BEIJING — The reporter's question was a softball, the sort of long-winded but unchallenging interrogation that we’ve come to expect at the endless news conferences during the annual meeting of China’s National People’s Congress. The reaction of a fellow reporter, dressed in blue, summed up how many journalists, and viewers, were surely feeling, not only about the question but about the whole two-week set-piece event in general.

A frown, a disdainful look across to see who was speaking, a dramatic eye-roll and turn of the head.

Here's the whole clip.

On Tuesday, the eye-roll went viral on China’s Internet, with close-up clips widely shared on WeChat, the most popular messaging service in the country. By late afternoon, the name of the reporter in blue, identified as Liang Xiangyi of Yicai Media, a financial news service, was trending as one of the most searched items on Sina Weibo, China’s equivalent of Twitter. That is, until searches were blocked by censors, according to, a website that monitors censored items on Chinese social media.

The journalist in red who was asking the question was identified as Zhang Huijun, a reporter for American Multimedia Television (AMTV), a Chinese-language television station based in California whose website boasts of its partnership with China’s state-owned China Central Television (CCTV). After introducing herself, she asked, at length, about the state-owned enterprises and the Belt and Road Initiative, a global infrastructure lending and investment project championed by President Xi Jinping.

“My question is: Changing the regulatory functions of state assets by focusing on managing capital is a question that people generally care about,” she asked Xiao Yaqing, director of the State-owned Assets Supervision and Administration Commission of the State Council (SASAC). “As director of SASAC, in 2018, in this area, what new measures will you introduce?”

And then she went on.

“This year coincides with the 40th anniversary of reform and opening up. Our country will further expand its opening up to the outside world, and General Secretary Xi advocates the Belt and Road Initiative. State-owned enterprises’ investment in countries along the route of the Belt and Road Initiative has increased. So how will the overseas assets of state-owned enterprises be effectively supervised to prevent the loss of capital from state-owned enterprises? What kind of supervision mechanism have we have brought out? What’s the effect of the supervision? Please explain to us. Thank you.”

The answer is not recorded in the clip.

Netizens suggested that Liang’s disdain was prompted by the way some reporters appear to want to use the televised event as a way to grab the spotlight with long-winded questions.

According to the WhatsonWeibo blog, Liang commented in a Yicai chat group, leaked online, that she rolled her eyes “because the woman next to me was being an idiot.”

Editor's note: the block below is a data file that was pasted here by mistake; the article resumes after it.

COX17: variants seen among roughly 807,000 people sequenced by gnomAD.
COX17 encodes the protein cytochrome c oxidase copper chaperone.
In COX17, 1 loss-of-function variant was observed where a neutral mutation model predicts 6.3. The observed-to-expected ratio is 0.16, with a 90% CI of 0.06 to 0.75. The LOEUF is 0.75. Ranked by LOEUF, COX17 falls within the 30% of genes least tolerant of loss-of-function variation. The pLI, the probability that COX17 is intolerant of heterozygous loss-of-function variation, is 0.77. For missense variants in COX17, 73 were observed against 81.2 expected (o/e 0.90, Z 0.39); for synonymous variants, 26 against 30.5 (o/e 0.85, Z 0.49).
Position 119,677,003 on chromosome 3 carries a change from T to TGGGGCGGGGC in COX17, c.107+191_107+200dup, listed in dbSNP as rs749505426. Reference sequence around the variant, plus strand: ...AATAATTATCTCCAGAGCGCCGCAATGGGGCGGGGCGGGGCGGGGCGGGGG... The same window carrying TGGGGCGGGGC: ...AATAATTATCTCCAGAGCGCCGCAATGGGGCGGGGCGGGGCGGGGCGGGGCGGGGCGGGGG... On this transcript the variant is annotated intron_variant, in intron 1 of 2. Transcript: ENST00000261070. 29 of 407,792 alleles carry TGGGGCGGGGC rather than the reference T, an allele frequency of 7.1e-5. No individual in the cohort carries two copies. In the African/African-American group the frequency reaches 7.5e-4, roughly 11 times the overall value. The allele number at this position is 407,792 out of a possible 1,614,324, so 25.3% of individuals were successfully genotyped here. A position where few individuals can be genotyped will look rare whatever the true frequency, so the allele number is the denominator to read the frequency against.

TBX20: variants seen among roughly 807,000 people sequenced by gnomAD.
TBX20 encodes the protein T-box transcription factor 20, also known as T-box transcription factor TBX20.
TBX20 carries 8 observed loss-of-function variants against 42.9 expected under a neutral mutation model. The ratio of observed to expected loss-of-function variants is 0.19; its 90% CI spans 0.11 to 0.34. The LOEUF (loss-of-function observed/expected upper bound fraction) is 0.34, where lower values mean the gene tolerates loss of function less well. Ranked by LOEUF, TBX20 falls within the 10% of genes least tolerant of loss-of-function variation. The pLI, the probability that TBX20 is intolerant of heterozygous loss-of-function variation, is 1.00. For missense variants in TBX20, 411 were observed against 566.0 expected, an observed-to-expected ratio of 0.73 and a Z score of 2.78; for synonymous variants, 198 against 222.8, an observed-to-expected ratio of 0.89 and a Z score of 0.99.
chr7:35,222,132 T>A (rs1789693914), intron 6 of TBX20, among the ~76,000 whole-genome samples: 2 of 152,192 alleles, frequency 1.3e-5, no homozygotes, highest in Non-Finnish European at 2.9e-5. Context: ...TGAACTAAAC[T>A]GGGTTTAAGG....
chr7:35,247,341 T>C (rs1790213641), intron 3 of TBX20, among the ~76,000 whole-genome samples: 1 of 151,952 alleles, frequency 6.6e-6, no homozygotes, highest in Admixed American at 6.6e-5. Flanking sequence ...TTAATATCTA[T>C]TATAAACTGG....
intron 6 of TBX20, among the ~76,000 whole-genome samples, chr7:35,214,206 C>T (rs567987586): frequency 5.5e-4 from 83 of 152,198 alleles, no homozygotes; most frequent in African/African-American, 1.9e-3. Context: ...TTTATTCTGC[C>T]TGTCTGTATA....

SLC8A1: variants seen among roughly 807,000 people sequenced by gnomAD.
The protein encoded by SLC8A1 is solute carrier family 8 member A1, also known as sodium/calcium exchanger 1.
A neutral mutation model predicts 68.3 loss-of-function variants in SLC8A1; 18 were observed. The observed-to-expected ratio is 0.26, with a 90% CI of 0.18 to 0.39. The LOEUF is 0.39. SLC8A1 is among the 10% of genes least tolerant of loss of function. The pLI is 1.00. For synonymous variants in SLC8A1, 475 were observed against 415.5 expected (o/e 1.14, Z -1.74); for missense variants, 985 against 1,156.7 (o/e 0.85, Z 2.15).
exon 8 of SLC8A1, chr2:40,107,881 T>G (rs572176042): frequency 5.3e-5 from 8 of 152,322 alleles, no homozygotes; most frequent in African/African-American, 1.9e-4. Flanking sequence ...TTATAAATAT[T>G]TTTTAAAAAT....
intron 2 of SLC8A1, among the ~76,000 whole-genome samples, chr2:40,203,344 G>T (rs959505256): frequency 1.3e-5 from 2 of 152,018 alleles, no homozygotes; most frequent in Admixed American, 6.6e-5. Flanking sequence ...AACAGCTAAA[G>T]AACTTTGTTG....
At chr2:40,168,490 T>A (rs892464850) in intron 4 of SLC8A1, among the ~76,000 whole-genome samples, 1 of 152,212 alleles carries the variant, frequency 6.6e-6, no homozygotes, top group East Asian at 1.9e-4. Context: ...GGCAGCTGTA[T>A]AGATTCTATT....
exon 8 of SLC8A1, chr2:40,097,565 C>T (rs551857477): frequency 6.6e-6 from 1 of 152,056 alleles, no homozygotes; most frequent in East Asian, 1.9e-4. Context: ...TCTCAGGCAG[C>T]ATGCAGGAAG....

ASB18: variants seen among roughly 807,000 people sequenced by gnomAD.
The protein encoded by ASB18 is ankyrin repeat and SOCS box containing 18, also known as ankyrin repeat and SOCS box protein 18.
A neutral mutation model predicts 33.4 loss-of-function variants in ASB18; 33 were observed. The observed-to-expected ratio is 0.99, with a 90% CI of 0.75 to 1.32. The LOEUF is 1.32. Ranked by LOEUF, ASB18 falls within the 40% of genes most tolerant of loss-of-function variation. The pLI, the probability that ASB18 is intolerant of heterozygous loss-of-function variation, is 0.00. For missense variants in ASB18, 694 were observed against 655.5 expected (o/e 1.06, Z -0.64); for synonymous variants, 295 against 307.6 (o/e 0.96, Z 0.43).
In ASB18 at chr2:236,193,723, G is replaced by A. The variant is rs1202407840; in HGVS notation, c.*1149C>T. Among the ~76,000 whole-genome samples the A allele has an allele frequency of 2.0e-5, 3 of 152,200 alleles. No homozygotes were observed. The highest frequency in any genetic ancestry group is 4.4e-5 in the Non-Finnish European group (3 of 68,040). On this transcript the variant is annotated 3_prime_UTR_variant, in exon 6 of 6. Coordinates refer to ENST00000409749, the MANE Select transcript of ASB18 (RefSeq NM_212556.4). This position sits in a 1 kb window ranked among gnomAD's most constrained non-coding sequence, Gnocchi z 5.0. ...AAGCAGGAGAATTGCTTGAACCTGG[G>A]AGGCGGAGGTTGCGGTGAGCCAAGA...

In another leaked chat to a friend, Zhang reportedly commented: "“What the heck was she doing looking at me like that?!”

Numerous memes were born, contrasting the woman in blue and the one in red, and focusing on the classic eye-roll.

The annual meeting of the National People’s Congress (NPC) prompts two weeks of even-more-fawning-than-usual coverage in state media of the wondrous achievements of Xi and the party. Occasionally, a foreign reporter gets away with a challenging question at a news conference or gaggle with an official, but those moments are rare. For the big events, the topics and who will ask them are largely agreed on in advance.

To ensure a smooth, embarrassment-free session, security in Beijing is stepped up dramatically during the NPC meeting, a crackdown that usually generates some bizarre stories in its own right. This year, so dominant is the paranoia that some restaurants and bars in a popular student neighborhood were told by police that they could admit a maximum of only 10 foreigners at any one time, the South China Morning Post reported.

“Until March 22, every Friday night and Saturday, as requested by local authorities, we can only allow a maximum of 10 foreigners in our store at a time,” a widely circulated notice at one pizzeria said. “We appreciate your understanding during these challenging times.”

The clip also generated curiosity about AMTV, one of a growing number of foreign news organizations with links to Chinese state media.

On its website, AMTV says it has an agreement to transmit CCTV news programs under an AMTV logo, and it also acquires and distributes motion pictures to television stations and other media globally. It says that its primary financiers are “Franklin International Group and American Berkshire International Group,” that it has a press pass issued by the Los Angeles County Sheriff’s Department and that it has been a corporate member of the American International Chamber of Commerce since 2004.

Liu Yang contributed to this report.